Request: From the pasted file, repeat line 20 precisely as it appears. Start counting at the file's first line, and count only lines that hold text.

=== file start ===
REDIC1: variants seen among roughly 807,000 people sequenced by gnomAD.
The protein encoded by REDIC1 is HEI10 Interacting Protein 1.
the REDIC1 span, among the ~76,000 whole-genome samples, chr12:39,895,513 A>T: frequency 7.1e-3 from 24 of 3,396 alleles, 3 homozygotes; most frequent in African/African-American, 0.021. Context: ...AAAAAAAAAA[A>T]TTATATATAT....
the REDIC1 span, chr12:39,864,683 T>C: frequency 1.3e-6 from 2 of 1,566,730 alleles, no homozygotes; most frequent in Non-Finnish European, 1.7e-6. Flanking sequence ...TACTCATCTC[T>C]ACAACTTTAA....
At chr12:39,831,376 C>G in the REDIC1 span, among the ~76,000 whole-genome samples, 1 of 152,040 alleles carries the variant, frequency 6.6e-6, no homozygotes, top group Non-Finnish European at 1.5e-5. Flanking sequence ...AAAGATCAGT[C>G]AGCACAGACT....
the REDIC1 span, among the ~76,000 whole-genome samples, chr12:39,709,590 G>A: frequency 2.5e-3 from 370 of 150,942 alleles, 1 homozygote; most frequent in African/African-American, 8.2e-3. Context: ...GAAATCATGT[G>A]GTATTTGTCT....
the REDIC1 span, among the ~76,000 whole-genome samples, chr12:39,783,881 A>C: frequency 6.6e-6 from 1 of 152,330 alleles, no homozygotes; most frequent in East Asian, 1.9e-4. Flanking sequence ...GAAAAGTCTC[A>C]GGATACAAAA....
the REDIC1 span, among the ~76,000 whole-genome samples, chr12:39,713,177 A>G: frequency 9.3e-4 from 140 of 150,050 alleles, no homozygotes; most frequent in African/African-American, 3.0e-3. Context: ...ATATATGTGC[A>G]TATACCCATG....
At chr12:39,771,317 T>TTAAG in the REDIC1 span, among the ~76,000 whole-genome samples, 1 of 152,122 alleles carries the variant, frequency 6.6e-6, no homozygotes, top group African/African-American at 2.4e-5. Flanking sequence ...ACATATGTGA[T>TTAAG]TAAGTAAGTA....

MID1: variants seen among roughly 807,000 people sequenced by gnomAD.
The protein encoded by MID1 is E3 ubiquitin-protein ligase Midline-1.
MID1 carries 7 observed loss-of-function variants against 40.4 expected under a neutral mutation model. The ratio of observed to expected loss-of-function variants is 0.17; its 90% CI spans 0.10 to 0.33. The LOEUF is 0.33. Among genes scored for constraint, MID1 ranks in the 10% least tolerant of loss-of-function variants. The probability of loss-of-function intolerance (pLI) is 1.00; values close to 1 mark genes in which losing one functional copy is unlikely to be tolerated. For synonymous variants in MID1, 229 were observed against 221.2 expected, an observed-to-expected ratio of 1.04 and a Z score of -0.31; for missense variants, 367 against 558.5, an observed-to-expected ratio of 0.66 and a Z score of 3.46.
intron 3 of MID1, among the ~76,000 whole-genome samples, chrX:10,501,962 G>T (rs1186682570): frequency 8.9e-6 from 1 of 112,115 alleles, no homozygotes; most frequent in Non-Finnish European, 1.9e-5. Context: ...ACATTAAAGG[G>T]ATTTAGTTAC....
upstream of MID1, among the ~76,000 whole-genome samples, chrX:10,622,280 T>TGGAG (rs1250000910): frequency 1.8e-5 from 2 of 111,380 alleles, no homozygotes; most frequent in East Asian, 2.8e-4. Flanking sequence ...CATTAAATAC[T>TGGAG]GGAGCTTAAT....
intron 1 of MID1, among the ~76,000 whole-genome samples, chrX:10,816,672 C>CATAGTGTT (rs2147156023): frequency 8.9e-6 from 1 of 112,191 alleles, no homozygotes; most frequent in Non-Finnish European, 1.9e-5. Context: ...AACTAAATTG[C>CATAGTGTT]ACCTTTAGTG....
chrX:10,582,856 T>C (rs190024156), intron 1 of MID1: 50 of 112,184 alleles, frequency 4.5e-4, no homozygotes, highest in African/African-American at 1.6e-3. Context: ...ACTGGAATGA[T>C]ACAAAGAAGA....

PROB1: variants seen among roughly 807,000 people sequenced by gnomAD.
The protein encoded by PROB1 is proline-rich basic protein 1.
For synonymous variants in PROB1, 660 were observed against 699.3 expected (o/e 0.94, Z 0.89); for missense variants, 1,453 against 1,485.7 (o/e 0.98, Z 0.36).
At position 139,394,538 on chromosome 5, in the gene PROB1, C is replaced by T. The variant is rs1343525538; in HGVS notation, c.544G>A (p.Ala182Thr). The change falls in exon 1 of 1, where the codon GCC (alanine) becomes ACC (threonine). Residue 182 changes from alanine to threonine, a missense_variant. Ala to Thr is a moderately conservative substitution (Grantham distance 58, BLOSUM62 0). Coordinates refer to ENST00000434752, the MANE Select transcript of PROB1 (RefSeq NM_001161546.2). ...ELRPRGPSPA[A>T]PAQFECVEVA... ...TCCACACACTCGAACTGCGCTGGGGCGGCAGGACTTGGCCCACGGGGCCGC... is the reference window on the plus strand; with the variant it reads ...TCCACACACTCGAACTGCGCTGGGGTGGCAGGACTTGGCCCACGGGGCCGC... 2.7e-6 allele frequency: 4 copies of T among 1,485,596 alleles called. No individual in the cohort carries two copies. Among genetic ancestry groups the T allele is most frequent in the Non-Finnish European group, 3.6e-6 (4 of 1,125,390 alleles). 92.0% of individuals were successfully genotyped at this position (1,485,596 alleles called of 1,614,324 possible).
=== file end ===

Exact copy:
At position 139,394,538 on chromosome 5, in the gene PROB1, C is replaced by T. The variant is rs1343525538; in HGVS notation, c.544G>A (p.Ala182Thr). The change falls in exon 1 of 1, where the codon GCC (alanine) becomes ACC (threonine). Residue 182 changes from alanine to threonine, a missense_variant. Ala to Thr is a moderately conservative substitution (Grantham distance 58, BLOSUM62 0). Coordinates refer to ENST00000434752, the MANE Select transcript of PROB1 (RefSeq NM_001161546.2). ...ELRPRGPSPA[A>T]PAQFECVEVA... ...TCCACACACTCGAACTGCGCTGGGGCGGCAGGACTTGGCCCACGGGGCCGC... is the reference window on the plus strand; with the variant it reads ...TCCACACACTCGAACTGCGCTGGGGTGGCAGGACTTGGCCCACGGGGCCGC... 2.7e-6 allele frequency: 4 copies of T among 1,485,596 alleles called. No individual in the cohort carries two copies. Among genetic ancestry groups the T allele is most frequent in the Non-Finnish European group, 3.6e-6 (4 of 1,125,390 alleles). 92.0% of individuals were successfully genotyped at this position (1,485,596 alleles called of 1,614,324 possible).